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Coming a full circle in J&K

Reports say that so far some 400 persons have been killed in J&K this year, more than half of whom were militants.

Coming a full circle in J&K

Let down: Local youth may be taking up the gun, but are not a threat as they are untrained. But they do indicate the failure to remove the causes of militancy.



Manoj Joshi
Strategic affairs expert 

Reports say that so far some 400 persons have been killed in J&K this year, more than half of whom were militants. This is the highest toll since 2009, when the figure was 375 for the whole year, according to the South Asia Terrorism Portal.

But this is only one measure of the failure of the government’s policy. Another was visible last week when Governor Satya Pal Malik dissolved the Assembly that had been in suspension since June, in somewhat murky circumstances. Mehbooba Mufti, the PDP leader, said she had had to tweet her party’s claim to form the government because she could not reach Raj Bhavan either by phone or fax. With 28 People’s Democratic Party (PDP), 12 Congress and 15 National Conference legislators, Mehbooba’s  group had a clear majority in the 87-member legislative Assembly. 

In the meantime, surprise, surprise, Sajjad Lone, the leader of People’s Conference, which is close to the BJP, did manage to have a telephonic conversation with the Governor to stake the claim of his party. Lone has just two MLAs, though he claimed the support of the 26-member BJP group and 18 unspecified legislators.

For this reason, perhaps, the Governor decided to dissolve the Assembly and call for fresh elections in the state. Since the tenure of the Governor’s rule will end next month, the state is likely to go in for a spell of President’s rule.

In some senses the circle will have then turned full. Persuading the politicians of the Valley to participate in the elections took a major effort on the part of New Delhi between 1993, when militancy was defeated and 1996 when Farooq Abdullah and the National Conference first refused to participate in the Lok Sabha elections, but were later persuaded to join the contest for the subsequent  state Assembly polls that the NC won hands down.

Even though the Congress had won four of the six Lok Sabha seats, the Lok Sabha outcome had not really been credible. It was only when the NC rejoined the electoral process for the Assembly elections that a measure of integrity was given to the elections. 

This was even more true, six years later in 2002, when the NC and the newly formed PDP participated in the Assembly elections that were termed by many as the fairest ever to have been held in J&K till then. The reason was that there were now two strong contending Valley parties aligned openly to the Indian Union. This time around, the PDP emerged as the winner in a coalition with the Congress. The main thrust of the militancy may have been defeated at this time, but the levels of violence remained high in the state, often targeting those being perceived to be close to India.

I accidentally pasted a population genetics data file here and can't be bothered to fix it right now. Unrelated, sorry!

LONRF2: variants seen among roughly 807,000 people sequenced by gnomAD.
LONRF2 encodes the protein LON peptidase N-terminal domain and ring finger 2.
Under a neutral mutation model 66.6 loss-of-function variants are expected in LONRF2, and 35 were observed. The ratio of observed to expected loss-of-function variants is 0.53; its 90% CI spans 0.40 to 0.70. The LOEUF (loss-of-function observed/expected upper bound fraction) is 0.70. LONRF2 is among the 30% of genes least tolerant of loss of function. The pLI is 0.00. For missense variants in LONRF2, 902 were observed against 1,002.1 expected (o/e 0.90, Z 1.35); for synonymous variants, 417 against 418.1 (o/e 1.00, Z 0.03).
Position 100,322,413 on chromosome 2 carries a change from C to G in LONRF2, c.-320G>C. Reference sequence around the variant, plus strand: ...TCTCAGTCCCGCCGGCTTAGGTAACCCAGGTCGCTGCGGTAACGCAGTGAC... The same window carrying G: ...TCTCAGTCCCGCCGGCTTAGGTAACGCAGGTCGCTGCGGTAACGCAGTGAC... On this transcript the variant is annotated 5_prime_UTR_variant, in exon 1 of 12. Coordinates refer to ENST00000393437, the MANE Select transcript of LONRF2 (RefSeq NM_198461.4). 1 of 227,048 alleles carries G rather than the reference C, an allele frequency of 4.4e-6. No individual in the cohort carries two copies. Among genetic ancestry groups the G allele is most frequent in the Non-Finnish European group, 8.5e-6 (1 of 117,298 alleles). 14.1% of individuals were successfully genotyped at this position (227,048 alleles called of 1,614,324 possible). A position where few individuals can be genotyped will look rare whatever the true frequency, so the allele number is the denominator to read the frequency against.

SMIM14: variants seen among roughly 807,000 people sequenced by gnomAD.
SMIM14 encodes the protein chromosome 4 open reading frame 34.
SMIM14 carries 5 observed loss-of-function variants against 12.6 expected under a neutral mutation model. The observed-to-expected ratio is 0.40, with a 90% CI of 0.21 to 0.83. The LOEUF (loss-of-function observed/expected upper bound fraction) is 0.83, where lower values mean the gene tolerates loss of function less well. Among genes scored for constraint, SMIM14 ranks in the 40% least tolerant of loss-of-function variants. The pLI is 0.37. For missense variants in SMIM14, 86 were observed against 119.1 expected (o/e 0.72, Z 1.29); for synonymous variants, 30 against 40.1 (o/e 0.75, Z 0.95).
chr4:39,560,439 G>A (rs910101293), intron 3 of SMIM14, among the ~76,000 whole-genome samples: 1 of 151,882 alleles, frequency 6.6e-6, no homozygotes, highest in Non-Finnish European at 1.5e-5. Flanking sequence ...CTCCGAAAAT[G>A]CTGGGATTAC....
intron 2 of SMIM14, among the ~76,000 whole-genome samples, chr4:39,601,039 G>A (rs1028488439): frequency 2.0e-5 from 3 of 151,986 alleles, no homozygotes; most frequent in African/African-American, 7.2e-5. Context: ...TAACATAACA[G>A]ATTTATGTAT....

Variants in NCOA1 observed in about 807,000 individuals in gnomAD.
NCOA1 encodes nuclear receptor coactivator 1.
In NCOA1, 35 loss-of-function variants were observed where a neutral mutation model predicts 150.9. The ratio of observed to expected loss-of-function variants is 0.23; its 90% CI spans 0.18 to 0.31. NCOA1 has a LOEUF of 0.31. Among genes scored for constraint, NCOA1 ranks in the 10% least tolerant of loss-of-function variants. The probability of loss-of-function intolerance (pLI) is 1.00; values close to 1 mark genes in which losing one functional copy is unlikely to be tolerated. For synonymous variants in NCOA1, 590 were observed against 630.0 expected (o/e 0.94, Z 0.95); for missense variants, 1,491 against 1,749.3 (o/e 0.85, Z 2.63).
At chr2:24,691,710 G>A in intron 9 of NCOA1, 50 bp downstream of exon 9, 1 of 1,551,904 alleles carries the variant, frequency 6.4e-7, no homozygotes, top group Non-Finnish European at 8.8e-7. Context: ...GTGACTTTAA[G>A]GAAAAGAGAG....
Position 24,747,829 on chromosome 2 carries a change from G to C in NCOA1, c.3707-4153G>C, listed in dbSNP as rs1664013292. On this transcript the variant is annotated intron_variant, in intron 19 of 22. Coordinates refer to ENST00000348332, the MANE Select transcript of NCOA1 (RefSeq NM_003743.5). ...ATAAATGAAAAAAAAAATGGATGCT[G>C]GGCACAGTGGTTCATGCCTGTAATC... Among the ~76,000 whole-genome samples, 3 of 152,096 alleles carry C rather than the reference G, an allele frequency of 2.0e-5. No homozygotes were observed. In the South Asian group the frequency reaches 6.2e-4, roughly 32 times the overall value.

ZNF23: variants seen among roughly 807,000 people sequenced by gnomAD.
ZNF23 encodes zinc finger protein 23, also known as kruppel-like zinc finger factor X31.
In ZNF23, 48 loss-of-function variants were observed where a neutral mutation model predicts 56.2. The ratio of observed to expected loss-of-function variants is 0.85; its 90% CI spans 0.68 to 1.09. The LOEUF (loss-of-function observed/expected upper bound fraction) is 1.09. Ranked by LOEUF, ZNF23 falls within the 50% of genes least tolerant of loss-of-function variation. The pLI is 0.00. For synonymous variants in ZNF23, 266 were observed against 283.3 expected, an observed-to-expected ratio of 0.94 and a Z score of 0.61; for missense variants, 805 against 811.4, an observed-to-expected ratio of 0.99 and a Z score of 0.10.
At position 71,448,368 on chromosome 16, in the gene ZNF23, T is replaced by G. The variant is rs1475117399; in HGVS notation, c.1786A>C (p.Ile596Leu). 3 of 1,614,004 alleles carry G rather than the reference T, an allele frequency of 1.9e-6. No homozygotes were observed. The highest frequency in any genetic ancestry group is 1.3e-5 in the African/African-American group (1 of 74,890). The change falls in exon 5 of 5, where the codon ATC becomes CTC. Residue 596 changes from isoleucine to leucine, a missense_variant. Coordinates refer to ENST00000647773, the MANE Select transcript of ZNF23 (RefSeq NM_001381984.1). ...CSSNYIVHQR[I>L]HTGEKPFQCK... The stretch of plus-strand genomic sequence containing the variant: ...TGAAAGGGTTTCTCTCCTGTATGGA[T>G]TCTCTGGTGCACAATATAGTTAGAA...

And now we have a situation that could see prolonged President’s rule because New Delhi believes that minus the encumbrance of a state government it will be able to ‘sort things out’ in the state.

That is not likely to happen because the Union government actually has no political plan for the state. It has a tactical military plan which involves the physical elimination of the militancy. But here, too, there is no strategic plan. Killing militants doesn’t mean much in a situation where very clearly the situation has degenerated to the point where militant recruitment has been rising, rather than declining. Further, where between 1993 and 2014, Pakistani jihadis kept militancy afloat, now, there has been a sharp increase in locals joining it. According to one assessment, 164 persons joined militancy till the end of October in 2018. In 2017, 128 had reportedly joined; in 2016, 84; 83 in 2015; and 63 in 2014. These figures bring out the fact that the so-called ‘Operation All Out’ military effort to wipe out militancy may have had the opposite effect.

True, these local youth, often driven by their emotions, hardly pose a threat to the security forces. They are largely untrained and eliminated quite quickly, but they do clearly indicate the failure on the part of New Delhi to build upon the successes of the security forces and remove the underlying political causes of the militancy.

New Delhi’s problem is that it has nothing to offer but an unrelenting military face. The BJP does not believe that the state needs any kind of autonomy, so, there is nothing by way of a political formula that it has on offer. The matter of autonomy is more an issue of perception than reality, in other words, it is the things that New Delhi says and the gestures it makes towards the Valley that are important rather than the substance. But the Union government is unable to do this because the BJP’s local unit in the state is committed to a hard line against militancy and given its outstanding performance in the 2014 state Assembly elections, the BJP believes that it is close to being able to actually form a government in the state, never mind that it has little support in the troubled Valley.

Just what the party will do were it to actually come to power and form a government in the state is not very clear. Given its unpropitious performance as a coalition partner of the PDP in the 2014-2018 period, it is likely to make things worse.

Distinguished Fellow, Observer Research Foundation, New Delhi

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